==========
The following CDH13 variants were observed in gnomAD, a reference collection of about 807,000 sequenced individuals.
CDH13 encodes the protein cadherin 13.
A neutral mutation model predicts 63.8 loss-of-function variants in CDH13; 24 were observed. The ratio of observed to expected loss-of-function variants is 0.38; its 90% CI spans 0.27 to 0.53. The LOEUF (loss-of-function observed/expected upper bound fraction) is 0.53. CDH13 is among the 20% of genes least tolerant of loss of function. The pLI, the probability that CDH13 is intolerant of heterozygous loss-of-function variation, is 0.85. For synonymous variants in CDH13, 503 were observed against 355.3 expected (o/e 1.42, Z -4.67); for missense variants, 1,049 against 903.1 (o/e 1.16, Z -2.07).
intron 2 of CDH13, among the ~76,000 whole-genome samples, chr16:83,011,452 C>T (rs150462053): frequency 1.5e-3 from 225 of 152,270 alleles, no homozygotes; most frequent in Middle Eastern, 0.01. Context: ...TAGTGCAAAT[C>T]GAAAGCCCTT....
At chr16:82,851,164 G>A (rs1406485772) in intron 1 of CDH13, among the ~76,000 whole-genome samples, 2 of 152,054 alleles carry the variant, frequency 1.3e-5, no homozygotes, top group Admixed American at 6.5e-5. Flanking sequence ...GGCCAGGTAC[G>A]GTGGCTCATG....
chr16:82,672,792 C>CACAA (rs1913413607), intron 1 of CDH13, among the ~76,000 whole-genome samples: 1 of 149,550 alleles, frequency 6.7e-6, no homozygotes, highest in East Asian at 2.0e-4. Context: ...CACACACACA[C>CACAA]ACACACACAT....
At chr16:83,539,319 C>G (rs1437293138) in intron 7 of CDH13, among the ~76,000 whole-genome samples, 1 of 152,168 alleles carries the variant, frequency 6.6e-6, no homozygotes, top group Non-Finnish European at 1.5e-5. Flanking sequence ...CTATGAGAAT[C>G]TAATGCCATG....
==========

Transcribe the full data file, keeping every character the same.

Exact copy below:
The following CDH13 variants were observed in gnomAD, a reference collection of about 807,000 sequenced individuals.
CDH13 encodes the protein cadherin 13.
A neutral mutation model predicts 63.8 loss-of-function variants in CDH13; 24 were observed. The ratio of observed to expected loss-of-function variants is 0.38; its 90% CI spans 0.27 to 0.53. The LOEUF (loss-of-function observed/expected upper bound fraction) is 0.53. CDH13 is among the 20% of genes least tolerant of loss of function. The pLI, the probability that CDH13 is intolerant of heterozygous loss-of-function variation, is 0.85. For synonymous variants in CDH13, 503 were observed against 355.3 expected (o/e 1.42, Z -4.67); for missense variants, 1,049 against 903.1 (o/e 1.16, Z -2.07).
intron 2 of CDH13, among the ~76,000 whole-genome samples, chr16:83,011,452 C>T (rs150462053): frequency 1.5e-3 from 225 of 152,270 alleles, no homozygotes; most frequent in Middle Eastern, 0.01. Context: ...TAGTGCAAAT[C>T]GAAAGCCCTT....
At chr16:82,851,164 G>A (rs1406485772) in intron 1 of CDH13, among the ~76,000 whole-genome samples, 2 of 152,054 alleles carry the variant, frequency 1.3e-5, no homozygotes, top group Admixed American at 6.5e-5. Flanking sequence ...GGCCAGGTAC[G>A]GTGGCTCATG....
chr16:82,672,792 C>CACAA (rs1913413607), intron 1 of CDH13, among the ~76,000 whole-genome samples: 1 of 149,550 alleles, frequency 6.7e-6, no homozygotes, highest in East Asian at 2.0e-4. Context: ...CACACACACA[C>CACAA]ACACACACAT....
At chr16:83,539,319 C>G (rs1437293138) in intron 7 of CDH13, among the ~76,000 whole-genome samples, 1 of 152,168 alleles carries the variant, frequency 6.6e-6, no homozygotes, top group Non-Finnish European at 1.5e-5. Flanking sequence ...CTATGAGAAT[C>G]TAATGCCATG....